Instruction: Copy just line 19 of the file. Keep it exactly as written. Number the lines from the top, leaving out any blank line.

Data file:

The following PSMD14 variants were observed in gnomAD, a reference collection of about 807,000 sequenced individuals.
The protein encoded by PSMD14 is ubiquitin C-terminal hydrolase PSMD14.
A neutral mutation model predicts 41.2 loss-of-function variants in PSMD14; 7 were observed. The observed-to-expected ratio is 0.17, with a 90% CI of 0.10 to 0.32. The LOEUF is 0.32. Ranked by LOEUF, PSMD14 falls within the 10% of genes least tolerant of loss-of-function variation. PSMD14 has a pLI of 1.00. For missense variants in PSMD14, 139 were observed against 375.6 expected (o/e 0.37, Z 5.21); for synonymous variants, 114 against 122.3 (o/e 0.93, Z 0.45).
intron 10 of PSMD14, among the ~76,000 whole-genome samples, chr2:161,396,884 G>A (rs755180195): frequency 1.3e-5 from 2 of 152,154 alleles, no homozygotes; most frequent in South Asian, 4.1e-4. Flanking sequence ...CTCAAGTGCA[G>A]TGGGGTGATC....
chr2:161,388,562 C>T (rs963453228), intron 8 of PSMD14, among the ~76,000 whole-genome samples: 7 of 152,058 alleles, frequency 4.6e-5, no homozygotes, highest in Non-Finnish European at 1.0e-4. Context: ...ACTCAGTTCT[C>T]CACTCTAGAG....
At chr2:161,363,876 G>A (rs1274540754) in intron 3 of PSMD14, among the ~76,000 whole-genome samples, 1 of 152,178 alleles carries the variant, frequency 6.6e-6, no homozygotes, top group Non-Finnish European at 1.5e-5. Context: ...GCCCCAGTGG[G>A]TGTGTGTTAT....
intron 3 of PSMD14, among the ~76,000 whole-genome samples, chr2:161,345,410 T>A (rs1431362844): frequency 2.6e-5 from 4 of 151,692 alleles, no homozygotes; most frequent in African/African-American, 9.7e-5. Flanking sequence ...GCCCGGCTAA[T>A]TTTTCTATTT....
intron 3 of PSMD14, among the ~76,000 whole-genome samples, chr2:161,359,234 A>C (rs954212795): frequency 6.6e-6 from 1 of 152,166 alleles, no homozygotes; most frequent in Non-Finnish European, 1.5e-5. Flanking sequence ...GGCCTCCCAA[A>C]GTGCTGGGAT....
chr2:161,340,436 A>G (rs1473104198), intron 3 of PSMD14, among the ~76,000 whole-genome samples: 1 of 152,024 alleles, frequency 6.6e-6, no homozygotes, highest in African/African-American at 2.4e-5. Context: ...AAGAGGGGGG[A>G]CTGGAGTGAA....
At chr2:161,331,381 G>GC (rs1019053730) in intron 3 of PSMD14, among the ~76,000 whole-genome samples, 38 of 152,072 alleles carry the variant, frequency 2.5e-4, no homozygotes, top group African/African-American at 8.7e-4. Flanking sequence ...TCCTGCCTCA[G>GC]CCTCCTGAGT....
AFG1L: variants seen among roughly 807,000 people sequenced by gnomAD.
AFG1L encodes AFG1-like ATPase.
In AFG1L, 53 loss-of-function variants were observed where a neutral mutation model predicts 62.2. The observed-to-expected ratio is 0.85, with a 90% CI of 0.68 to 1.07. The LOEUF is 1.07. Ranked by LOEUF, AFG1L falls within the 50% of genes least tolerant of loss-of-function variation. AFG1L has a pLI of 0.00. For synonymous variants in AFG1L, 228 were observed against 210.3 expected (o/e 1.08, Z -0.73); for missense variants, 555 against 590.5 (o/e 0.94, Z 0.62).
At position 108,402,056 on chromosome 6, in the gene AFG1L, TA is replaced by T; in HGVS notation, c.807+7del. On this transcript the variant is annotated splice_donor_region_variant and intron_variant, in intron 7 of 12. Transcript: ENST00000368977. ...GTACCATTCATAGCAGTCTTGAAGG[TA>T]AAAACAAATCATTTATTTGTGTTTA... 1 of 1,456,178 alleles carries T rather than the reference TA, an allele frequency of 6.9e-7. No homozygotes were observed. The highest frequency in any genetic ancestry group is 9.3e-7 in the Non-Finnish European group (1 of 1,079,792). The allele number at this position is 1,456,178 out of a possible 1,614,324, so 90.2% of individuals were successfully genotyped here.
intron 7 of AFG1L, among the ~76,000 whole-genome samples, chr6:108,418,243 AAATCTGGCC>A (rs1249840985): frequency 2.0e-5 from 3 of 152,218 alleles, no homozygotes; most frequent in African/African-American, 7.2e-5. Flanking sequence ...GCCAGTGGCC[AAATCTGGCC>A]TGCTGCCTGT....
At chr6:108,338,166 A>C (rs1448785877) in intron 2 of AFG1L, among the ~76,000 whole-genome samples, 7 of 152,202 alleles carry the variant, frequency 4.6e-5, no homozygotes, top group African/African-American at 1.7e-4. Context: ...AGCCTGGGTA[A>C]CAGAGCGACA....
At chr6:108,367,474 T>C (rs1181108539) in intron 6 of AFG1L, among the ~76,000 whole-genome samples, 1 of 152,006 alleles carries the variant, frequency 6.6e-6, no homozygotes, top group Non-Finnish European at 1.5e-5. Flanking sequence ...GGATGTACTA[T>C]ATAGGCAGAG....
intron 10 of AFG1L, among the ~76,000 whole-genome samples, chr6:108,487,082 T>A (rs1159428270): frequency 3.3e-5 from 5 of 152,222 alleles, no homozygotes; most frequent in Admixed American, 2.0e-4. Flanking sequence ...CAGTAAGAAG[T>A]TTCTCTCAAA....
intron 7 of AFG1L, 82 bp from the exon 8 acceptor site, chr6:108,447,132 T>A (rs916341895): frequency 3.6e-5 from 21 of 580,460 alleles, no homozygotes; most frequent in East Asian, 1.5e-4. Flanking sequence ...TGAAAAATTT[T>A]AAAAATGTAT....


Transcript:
intron 7 of AFG1L, 82 bp from the exon 8 acceptor site, chr6:108,447,132 T>A (rs916341895): frequency 3.6e-5 from 21 of 580,460 alleles, no homozygotes; most frequent in East Asian, 1.5e-4. Flanking sequence ...TGAAAAATTT[T>A]AAAAATGTAT....